antenna. If we are talking about FCC class B
measurements, which are taken at a distance of 3m
(117 inches), then a 1-inch separation would yield
a 40-db improvement in EMI (a whopping big
improvement). A 0.1 inch separation should yield 60-
db. Both of these numbers are probably better than
the common-mode balance between the two outputs
that created the differential signal in the first
place. That is, with a separation of 0.1 inch, we
have balanced the signal as well as could be done
given the imperfections in the source, and
certainly at the 0.1-inch separation level we have
probably knocked down emissions to a level far
below FCC limits. For EMI purposes, a differential
trace spacing of 0.1 inches is close enough to do
the trick. We need not struggle to place the
traces any closer than that as far as our EMI
requirements are concerned.
(4) To reduce local crosstalk. Differential traces
on a PCB do a poor job of this. As mentioned
above, signal cancellation is a function of the
ratio of the trace separation, S, to the distance,
D, to the receiving antenna. For local interference
(which can be very, very close), you don't get much
cancellation. Whether you use differential
signaling or not, the best way to improve local PCB
crosstalk is to move the effected traces further
away. Assuming you have solid power and ground
planes, crosstalk between aggressor and victim
traces falls off as the SQUARE of increasing
distance. Doubling the distance cuts crosstalk to
one-fourth. Cramming the two traces of a
differential pair closer together helps reduce
crosstalk, but you don't get the big SQUARED
benefit you get from generally increasing the
separation between aggressor and victim.
(5) To improve routability. Differential traces
CAN be pushed really, really close together, which,
if you have oodles of them, can save board area.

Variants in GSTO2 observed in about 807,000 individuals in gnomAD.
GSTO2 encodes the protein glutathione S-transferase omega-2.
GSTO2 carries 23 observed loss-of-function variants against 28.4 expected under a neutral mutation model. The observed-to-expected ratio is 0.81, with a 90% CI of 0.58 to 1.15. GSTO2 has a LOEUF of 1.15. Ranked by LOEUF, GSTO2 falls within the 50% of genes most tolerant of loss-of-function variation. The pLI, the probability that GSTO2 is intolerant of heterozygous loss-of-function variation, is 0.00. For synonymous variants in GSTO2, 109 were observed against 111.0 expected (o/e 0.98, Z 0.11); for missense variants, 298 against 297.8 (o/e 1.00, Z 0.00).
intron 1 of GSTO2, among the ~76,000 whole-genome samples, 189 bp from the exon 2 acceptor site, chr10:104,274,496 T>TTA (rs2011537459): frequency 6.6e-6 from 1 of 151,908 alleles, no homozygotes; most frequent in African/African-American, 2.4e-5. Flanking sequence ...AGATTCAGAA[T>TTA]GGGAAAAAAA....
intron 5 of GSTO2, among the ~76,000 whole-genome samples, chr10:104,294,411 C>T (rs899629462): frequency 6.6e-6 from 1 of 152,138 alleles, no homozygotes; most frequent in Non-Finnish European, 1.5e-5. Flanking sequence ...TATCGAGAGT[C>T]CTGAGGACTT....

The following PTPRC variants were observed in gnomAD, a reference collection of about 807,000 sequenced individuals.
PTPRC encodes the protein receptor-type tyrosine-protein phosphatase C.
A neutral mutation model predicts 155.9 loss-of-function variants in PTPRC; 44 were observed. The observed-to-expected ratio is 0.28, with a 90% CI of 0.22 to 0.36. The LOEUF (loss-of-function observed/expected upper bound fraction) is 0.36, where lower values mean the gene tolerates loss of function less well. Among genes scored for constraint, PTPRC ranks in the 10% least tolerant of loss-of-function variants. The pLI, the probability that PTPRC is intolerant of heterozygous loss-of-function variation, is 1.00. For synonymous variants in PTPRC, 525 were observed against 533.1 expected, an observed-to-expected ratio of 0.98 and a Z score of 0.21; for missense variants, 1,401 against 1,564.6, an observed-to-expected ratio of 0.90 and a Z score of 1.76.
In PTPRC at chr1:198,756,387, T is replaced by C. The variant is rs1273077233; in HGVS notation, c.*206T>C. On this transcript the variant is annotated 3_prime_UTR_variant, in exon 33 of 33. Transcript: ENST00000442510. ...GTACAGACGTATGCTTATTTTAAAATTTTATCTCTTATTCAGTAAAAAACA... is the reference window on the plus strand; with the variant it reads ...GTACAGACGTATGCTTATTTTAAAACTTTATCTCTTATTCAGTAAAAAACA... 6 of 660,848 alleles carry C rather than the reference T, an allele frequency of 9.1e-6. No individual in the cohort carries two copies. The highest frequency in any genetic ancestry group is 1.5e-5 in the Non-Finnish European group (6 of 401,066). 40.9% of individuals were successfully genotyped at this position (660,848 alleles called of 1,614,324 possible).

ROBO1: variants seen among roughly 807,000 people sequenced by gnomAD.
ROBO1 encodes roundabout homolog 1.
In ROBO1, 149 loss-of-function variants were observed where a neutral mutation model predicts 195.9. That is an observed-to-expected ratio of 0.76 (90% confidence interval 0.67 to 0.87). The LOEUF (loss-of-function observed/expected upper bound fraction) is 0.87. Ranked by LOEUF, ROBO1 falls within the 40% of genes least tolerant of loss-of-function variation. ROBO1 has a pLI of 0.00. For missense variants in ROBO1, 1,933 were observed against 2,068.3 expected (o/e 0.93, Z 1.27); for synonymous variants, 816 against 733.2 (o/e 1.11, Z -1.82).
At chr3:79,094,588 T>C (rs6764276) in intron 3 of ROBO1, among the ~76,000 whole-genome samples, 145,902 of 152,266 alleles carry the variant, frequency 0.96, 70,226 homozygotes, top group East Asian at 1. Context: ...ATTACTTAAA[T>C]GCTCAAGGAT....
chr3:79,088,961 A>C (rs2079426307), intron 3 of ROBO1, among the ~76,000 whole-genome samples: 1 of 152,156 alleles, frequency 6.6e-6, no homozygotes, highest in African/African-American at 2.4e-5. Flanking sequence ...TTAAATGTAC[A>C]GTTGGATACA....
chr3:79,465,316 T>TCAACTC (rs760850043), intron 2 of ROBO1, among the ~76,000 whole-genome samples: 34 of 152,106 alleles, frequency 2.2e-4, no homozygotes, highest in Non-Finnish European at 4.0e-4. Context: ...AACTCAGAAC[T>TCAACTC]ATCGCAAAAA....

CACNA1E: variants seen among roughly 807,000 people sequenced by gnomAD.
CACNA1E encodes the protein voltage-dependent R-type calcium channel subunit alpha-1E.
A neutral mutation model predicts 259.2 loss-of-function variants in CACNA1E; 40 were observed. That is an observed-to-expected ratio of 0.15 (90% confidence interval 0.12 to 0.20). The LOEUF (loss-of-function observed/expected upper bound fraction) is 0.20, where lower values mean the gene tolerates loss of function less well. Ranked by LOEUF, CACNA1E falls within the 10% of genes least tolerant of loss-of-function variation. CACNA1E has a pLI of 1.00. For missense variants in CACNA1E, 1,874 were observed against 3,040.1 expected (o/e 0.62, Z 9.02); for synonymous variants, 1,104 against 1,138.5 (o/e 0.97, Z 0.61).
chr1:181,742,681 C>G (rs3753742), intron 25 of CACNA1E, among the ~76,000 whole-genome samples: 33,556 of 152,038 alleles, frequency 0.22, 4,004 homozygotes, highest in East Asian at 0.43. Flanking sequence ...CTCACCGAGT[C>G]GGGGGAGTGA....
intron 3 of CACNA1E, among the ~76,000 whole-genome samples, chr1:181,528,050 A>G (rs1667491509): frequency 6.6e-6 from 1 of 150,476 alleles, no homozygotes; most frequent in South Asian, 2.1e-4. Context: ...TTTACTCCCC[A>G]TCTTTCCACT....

In my opinion, the desire to save board area is the
only motivation for using an unusually close
spacing. Remember that once you have committed to
the use of tightly packed, differential traces, you
will forever be hampered by two effects: (a) you
will need to compute a new trace width to
compensate for the fact that the differential
impedance goes down for closely spaced signals, and
(b) once the signals are paired, they CANNOT be
separated, or else you will mess up their impedance
(unless you go back to fatter widths).
This second effect imposes a routing penalty on the
side-by-side approach. It's hard to get these
traces to go around obstacles without the ability
to temporarily separate. The over/under format
works better for long-distance complicated routing.
What do I do? Unless absolutely pressed for space,
I'll choose the side-by-side format. I will set
the trace separation at about 4H (which yields only
6% crosstalk, or only about 6% effect on
impedance). I will instruct my layout person to
keep these traces generally near each other, but
permit them to separate from time to time as needed
to go around obstacles. I will also insist that
they be equal in length.
If you use the over/under format you should know
that there is a subtle asymmetry built into this
configuration. The distance from the top surface of
the board down to the bottom trace is greater than
for the top trace, and also any return currents
associated with the bottom ground plane have to
find nearby vias to provide pathways back to the
top surface. The net effect is that the bottom
trace has some extra delay built in at the
endpoints. To minimize this problem, make sure you
put a number of ground vias near the point where
the signals originate.
I've heard reports of additional bottom trace
delays in the range of 100 ps (in that particular
design, at each end of the line, the return current
had to divert about 0.16 inch out of its way, and
then come back, giving a total additional delay of
0.14*2*(180 ps/inch) at each end). If 100 ps
matters to you, then either put the vias closer, or
don't use the over/under format.
Dr. Howard Johnson